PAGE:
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Johan Auwerx

Professor at the École Polytechnique Fédérale in Lausanne.

Johan Auwerx is Professor at the École Polytechnique Fédérale in Lausanne, Switzerland, where he directs the Laboratory for Integrated and Systems Physiology (LISP). Dr. Auwerx uses molecular physiology and systems genetics to understand metabolism in health, aging and disease. Much of his work focuses on understanding how diet, exercise and hormones control metabolism through changing the expression of genes by altering the activity of transcription factors and their associated cofactors. His work was instrumental for the development of agonists of nuclear receptors – a particular class of transcription factors – into drugs, which are now used to treat high blood lipid levels, fatty liver, and type 2 diabetes. Dr. Auwerx was amongst the first to recognize that transcriptional cofactors, act as energy sensors/effectors that influence metabolic homeostasis. His research validated these cofactors as novel targets to treat metabolic diseases, and spurred the clinical use of natural compounds, such as resveratrol, as modulators of these cofactor pathways.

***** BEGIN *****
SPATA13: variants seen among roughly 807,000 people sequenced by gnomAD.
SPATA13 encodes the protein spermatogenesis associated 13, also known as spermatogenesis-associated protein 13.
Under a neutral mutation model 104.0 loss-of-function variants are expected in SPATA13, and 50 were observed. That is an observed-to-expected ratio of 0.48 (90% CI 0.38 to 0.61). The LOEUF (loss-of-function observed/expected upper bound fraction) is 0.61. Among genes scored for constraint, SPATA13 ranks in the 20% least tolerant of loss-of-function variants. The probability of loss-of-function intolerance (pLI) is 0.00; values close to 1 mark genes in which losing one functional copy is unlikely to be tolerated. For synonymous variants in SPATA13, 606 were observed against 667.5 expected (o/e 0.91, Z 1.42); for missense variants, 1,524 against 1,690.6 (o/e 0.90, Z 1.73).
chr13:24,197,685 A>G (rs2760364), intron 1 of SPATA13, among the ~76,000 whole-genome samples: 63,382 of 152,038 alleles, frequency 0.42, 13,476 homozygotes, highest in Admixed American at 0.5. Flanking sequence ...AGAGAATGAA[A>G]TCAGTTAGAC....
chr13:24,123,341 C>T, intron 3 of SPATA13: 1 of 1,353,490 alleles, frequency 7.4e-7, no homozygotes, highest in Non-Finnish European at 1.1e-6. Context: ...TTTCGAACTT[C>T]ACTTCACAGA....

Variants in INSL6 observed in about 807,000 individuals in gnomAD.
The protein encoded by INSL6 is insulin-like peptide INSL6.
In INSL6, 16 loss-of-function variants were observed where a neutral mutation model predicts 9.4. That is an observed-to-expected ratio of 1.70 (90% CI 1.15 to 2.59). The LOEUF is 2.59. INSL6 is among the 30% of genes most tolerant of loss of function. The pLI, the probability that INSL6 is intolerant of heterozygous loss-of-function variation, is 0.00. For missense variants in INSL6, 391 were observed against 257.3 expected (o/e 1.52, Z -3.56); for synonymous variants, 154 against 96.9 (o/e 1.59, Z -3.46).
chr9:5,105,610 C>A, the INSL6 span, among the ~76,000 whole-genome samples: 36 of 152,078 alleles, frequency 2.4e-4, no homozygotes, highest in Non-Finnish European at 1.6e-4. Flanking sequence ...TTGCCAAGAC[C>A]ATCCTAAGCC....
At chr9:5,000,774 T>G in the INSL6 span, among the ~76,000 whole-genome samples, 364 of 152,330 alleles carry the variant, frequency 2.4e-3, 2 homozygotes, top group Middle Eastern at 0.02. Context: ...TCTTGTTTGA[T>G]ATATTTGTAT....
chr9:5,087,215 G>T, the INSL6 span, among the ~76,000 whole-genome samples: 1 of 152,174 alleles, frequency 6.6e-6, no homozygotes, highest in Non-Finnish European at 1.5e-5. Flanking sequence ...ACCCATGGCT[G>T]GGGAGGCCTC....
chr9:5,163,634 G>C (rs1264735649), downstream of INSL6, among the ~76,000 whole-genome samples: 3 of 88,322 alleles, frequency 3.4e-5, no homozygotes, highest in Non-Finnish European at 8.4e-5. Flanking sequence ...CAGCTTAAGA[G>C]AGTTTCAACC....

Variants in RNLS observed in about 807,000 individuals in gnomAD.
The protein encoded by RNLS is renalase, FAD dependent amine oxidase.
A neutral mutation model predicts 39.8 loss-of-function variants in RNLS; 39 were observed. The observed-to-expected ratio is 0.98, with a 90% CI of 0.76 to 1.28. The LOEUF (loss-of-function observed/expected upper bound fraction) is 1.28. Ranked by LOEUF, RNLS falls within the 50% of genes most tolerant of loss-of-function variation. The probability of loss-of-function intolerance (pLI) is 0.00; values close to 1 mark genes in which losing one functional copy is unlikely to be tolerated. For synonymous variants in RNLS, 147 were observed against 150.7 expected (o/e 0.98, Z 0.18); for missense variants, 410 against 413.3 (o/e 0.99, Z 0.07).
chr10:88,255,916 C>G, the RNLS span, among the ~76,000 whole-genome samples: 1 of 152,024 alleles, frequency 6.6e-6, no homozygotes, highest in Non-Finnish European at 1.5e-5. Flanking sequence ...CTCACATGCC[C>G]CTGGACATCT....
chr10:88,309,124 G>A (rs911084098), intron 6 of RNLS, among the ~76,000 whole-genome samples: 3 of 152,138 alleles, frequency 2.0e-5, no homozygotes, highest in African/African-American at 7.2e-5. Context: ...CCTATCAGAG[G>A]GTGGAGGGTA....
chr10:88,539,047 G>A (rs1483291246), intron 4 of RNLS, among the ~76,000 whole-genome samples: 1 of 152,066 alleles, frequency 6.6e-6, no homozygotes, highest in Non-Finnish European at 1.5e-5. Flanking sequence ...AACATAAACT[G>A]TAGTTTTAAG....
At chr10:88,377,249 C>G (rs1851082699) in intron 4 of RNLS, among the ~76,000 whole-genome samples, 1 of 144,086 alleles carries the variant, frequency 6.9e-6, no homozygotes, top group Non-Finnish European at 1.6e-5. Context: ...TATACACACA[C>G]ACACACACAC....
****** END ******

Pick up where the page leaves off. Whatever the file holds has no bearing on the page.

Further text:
Founder of Academy for Health & Lifespan Research.

Visit website: https://www.epfl.ch/labs/auwerx-lab/

See also: Institute Swiss Federal Institute of Technology Lausanne (EPFL) - University that specializes in natural sciences and engineering.

Mentioned in this Resource

Institute

World's aging researchers unite to accelerate breakthroughs in longevity.

Johan Auwerx is also referenced in the following:

Institute

World's aging researchers unite to accelerate breakthroughs in longevity.

Event

Event about latest progress in the molecular, cellular and organismal basis of aging organized by University of Copenhagen

Johan Auwerx News

Restructured mitochondrial metabolism linked to survival of human eggs

STAT - 20-Jul-2022

Complex I production temporarily halted in quiescent oocytes, promoting fertility

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Boosting NAD+ reverses muscle ageing and associated diseases

Medical Xpress - 19-Jan-2021

Drugs boosting NAD+ target toxic proteins by turning on the mitochondrial function

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